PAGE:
September 21, 2017 | Unregistered CommenterJonathan

a great deal of if not all the time, misinformation is not something that happens to the mass public but rather something that its members are complicit in producing as a result of identity-protective cognition. Persons using this mode of reasoning are not trying to form an accurate understanding of the facts in support of a decision that can be made only with the benefit of the best available evidence. Instead they are using their reasoning to cultivate an affective stance... .

Why lay this out as a binary choice? Doesn't seem to make much sense, to me. Seems to me that looking at this through a binary frame is likely to over-simplify the causal mechanisms.

Likewise:

.... that expresses their identity and their solidarity with others

Do (1) expressing identity and (2) [expressing?] solidarity with others, exist as independent "motivations, " as compared to exists as essentially the same "motivation?" If the former, where do the differentiations lie? In other words, I think that often (if certainly not always) my own "motivations" are more to maintain my own view of my own identity, than to align myself so as to protect against reputational risk within my group. Us that something that is important to understanding why outliers exist (not saying that I am an outlier, but that there may be a spectrum in which those motivations exist independently, which might result in outliers among those heavily towards one side of that spectrum). It seems that the literature deals with this question as if no distinction exists, and I have asked this question many times, but still don't understand whether such a distinction exists at all, let alone is significant.

September 21, 2017 | Unregistered CommenterJoshua

Joshua,

I am wondering if the use of "identity" in "identity protective cognition" is causing problems here. Dan's definition from his "Misconceptions..." paper is:

Identity protective cognition refers to the tendency of culturally diverse individuals to selectively credit and dismiss evidence in patterns that reflect the beliefs that predominate in their group.

This definition has nothing to do with the individualistic notion of "identity" - as something created by the self independent of social pressures (whether nor not such a thing even exists). Identity protection, as Dan is using it is, by definition, all about groups. Hence, that apparent binary choice you point out in Dan's wording is instead part of the definition - it's just saying that people using identity protective cognition are (by Dan's definition) paying attention to groups, not group-independent facts.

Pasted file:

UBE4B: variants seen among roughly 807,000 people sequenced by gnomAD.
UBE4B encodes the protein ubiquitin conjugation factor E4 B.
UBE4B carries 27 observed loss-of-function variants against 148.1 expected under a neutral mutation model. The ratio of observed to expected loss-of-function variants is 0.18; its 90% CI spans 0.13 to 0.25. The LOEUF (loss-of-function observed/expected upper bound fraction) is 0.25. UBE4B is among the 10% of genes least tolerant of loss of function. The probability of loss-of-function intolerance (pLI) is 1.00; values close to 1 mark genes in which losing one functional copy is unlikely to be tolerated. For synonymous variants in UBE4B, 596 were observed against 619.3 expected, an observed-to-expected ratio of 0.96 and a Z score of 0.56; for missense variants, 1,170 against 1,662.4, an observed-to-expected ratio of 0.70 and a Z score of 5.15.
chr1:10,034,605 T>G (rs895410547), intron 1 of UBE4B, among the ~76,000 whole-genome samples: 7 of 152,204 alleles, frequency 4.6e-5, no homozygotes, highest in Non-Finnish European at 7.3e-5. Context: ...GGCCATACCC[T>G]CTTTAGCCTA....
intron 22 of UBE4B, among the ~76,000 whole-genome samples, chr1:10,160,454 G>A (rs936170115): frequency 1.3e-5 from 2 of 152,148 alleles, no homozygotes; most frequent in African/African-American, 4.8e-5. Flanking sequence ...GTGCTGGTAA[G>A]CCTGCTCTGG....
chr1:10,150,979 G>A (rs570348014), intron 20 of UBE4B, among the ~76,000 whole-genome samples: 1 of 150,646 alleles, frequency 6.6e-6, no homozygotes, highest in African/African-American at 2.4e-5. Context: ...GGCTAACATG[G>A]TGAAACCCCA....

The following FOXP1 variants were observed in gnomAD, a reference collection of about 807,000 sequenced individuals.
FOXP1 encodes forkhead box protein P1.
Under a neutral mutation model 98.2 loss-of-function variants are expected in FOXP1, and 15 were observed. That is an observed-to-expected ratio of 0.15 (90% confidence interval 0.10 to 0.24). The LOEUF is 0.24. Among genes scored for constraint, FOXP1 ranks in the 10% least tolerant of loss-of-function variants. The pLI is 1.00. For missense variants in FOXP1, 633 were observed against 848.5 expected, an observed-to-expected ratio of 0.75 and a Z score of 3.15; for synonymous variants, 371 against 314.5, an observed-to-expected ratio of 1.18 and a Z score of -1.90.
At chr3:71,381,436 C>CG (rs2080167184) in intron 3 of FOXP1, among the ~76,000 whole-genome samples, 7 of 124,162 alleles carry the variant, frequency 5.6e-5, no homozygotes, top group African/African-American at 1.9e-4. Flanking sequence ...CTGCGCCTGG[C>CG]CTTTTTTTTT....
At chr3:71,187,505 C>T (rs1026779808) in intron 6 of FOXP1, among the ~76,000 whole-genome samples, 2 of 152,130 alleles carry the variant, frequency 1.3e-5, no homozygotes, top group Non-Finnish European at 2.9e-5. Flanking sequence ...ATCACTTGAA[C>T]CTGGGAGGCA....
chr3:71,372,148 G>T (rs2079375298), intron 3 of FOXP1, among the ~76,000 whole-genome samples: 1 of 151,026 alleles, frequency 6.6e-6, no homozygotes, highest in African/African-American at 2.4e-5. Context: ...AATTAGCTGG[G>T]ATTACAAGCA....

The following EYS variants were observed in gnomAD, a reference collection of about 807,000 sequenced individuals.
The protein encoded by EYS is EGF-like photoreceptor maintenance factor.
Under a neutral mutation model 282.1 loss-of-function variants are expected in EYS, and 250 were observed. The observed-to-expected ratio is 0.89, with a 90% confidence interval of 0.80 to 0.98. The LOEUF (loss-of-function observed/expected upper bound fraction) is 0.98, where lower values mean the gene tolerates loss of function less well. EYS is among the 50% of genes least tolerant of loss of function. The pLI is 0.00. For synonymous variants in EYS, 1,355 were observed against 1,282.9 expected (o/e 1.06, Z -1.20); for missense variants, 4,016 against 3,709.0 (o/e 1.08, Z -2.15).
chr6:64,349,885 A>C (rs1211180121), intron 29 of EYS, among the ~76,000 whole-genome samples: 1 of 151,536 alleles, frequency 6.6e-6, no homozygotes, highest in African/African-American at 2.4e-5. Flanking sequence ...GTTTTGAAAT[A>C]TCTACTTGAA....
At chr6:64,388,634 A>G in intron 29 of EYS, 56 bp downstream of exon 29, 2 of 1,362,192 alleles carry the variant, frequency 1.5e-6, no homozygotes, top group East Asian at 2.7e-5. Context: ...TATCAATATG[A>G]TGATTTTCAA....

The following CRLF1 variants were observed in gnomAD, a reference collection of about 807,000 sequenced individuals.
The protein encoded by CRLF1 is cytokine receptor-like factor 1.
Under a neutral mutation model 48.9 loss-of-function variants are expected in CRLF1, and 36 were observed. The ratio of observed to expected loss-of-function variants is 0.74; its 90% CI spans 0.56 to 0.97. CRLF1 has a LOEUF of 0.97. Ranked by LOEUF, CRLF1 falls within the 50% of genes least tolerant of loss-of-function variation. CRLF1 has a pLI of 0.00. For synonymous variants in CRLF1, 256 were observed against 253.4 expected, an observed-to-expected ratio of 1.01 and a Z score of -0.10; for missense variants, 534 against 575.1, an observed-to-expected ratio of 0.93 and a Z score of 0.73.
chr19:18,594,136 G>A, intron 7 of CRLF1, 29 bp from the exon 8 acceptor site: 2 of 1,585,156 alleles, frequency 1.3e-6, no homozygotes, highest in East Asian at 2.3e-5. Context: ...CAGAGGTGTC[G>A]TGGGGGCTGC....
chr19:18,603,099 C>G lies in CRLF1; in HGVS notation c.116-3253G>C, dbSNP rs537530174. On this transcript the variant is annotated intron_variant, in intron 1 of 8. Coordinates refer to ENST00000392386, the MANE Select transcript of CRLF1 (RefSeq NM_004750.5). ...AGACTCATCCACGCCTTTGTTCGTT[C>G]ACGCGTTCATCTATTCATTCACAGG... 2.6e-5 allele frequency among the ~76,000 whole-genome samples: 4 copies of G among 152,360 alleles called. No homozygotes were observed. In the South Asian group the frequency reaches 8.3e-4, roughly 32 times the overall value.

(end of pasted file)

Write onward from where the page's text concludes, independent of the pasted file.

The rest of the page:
So, when you suggest that group identity and personal identity may not be that distinct, I don't think this is a point of argument.

All IMO, of course...

September 21, 2017 | Unregistered CommenterJonathan

Thanks, Jonathan. Let me think about that.

September 21, 2017 | Unregistered CommenterJoshua

Jonathan -

So after thought, I'm still confused. First, by the notion that identity protection in the group identity sense is ever an either/or, that someone is or isn't trying to form an accurate understanding of facts via a vis using reasoning to cultivate an affective stance. Seems to me that in the real world, it is more a matter of degree in one direction or the other depending on individual characteristics and context. Second, is that in the real world group identity orientation is ever free of influence from motivation to protect identity in an individualistic sense. Seems to me that it doesn't make a lot of sense to conceptualize the one as something distinct from the other. Just creating a definition, as such, doesn't explain how it might be manifest in reality.

September 22, 2017 | Unregistered CommenterJoshua

First, by the notion that identity protection in the group identity sense is ever an either/or, that someone is or isn't trying to form an accurate understanding of facts via a vis using reasoning to cultivate an affective stance.

Dan's theory, if I recall correctly, is that most people have much less motivation to get an accurate understanding of facts on certain issues than to maintain and improve their group status. Those issues would be ones where their inaccuracy has little impact on their personal lives, but significant impact (as perceived by them) on their group status.